MEDIA WATCH: X Factor’s Redemption Song?

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Redemption is one of the most important values Society can stand for. The anger generated by myopic crime headline driven media has created a hatred towards prisoners and criminals that demands suffering as an acceptable punishment rather than the removal of liberty.

That anger ignores losing ones liberty is a punishment that is for a species that requires social structures as desperately as ours a terrible punishment in of itself.

The desire to turn what is an already painful punishment into suffering has led to one of the highest incarcerations rates in the world and private prisons perversely able to make profits off incarceration.

In short, we need to be far more open to redemption and promoting of redemption as a society, so X Factor’s desire to give a convicted killer a chance to appear and contest on their alter of light entertainment would have been a great call, if Shae Brider had been a real case of redemption.

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Since the show screened him, details have emerged that question his glossed over version of events. True redemption would have shown Shae taking far more personal responsibility for his actions, contacting the family of the victim of his crime for their blessing and worked as hard as he could to give back to society what he has taken. That clearly hasn’t occurred which makes X Factor’s gesture meaningless.

The issue then moves to why X Factor’s producers didn’t back ground search enough to know the full story. If it was laziness, that is appalling, if it was because they thought it would be great controversy for ratings then that’s appalling.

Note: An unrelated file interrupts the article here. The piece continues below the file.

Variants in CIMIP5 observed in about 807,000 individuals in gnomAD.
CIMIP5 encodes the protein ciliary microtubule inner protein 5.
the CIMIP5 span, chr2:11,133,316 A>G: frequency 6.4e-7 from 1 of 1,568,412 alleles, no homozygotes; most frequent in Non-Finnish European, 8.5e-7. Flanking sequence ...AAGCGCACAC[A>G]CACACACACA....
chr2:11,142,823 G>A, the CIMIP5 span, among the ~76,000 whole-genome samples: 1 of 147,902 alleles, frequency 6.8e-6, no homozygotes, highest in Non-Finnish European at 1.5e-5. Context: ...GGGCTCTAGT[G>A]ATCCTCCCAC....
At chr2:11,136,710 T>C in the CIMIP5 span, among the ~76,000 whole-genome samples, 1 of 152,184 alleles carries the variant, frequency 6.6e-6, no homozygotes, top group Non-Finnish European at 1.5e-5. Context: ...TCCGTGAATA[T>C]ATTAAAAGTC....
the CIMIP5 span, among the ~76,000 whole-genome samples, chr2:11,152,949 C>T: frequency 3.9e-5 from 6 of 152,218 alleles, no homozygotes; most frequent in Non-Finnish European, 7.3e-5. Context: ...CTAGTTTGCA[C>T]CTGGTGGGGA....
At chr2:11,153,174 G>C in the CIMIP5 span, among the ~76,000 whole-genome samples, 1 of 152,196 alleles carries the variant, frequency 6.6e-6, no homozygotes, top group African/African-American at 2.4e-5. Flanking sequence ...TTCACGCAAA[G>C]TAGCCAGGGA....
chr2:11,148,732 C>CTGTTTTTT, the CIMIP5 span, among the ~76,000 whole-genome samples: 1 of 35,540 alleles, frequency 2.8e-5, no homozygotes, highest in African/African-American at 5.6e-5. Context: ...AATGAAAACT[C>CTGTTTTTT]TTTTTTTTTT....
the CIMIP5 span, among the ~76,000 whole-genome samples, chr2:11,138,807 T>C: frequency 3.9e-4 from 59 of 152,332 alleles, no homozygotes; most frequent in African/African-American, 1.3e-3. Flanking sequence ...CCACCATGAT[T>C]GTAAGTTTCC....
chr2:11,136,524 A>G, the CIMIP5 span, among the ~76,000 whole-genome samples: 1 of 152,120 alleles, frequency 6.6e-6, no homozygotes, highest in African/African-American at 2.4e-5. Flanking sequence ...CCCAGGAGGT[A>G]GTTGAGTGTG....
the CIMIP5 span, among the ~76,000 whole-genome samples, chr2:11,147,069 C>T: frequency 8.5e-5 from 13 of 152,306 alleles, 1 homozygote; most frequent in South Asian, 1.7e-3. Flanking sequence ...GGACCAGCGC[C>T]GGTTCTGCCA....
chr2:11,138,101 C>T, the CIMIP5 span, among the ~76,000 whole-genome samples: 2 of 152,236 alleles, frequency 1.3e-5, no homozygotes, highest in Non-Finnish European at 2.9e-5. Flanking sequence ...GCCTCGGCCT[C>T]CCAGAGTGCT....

Incompetence or venal corporate greed?

X Factor have to show a better job of redemption than Shae managed.

 

5 COMMENTS

  1. My parents often go to the service station where Shae works and say they were always impressed how pleasant he was. From what I’ve read Shae has tried to do the right thing. I don’t think the family of the victim were ever going to be happy that he was on X Factor whatever he did. He’s hasn’t broken any laws in being on the programme and is trying to get on with life and the music which he obviously loves. He has as much right to be on the programme as anyone else. I suspect he was always a pretty okay person but ended up with the wrong people as a teenager. This is a very common story in provincial towns throughout New Zealand.

    • When you look into the background of some killers or if you know their personal background, it puts a whole different light on how the rest of the world thinks about them. So I agree with your sentiments entirely.

  2. Chet Baker, Leadbelly, Billie Holliday, Sonny Rollins, Aaron Neville, Steve Earle, Felka Kuti, Chuck Berry, Merle Haggard, Tupac, James Brown, Bobby Brown, Lil Wayne … Just saying.

  3. There have been other cases where a person has committed a serious crime, and then later gone on to a successful career.

    I’m thinking mainly of Leslie Grantham, a well known British actor, best known for portraying “Dirty Den” in Eastenders for many years in the UK. When he was 23 and a young soldier stationed in Germany, he and another soldier stabbed a German taxi driver to death.

    He served 11 years in prison and then trained as actor and has appeared in many British productions.

    Whether it’s right or wrong is the question.

  4. Correction to last post.

    The taxi driver was shot in a struggle not stabbed, and Grantham’s past and the time he spent in prison wasn’t revealed until much alter on when he had become a successful actor.

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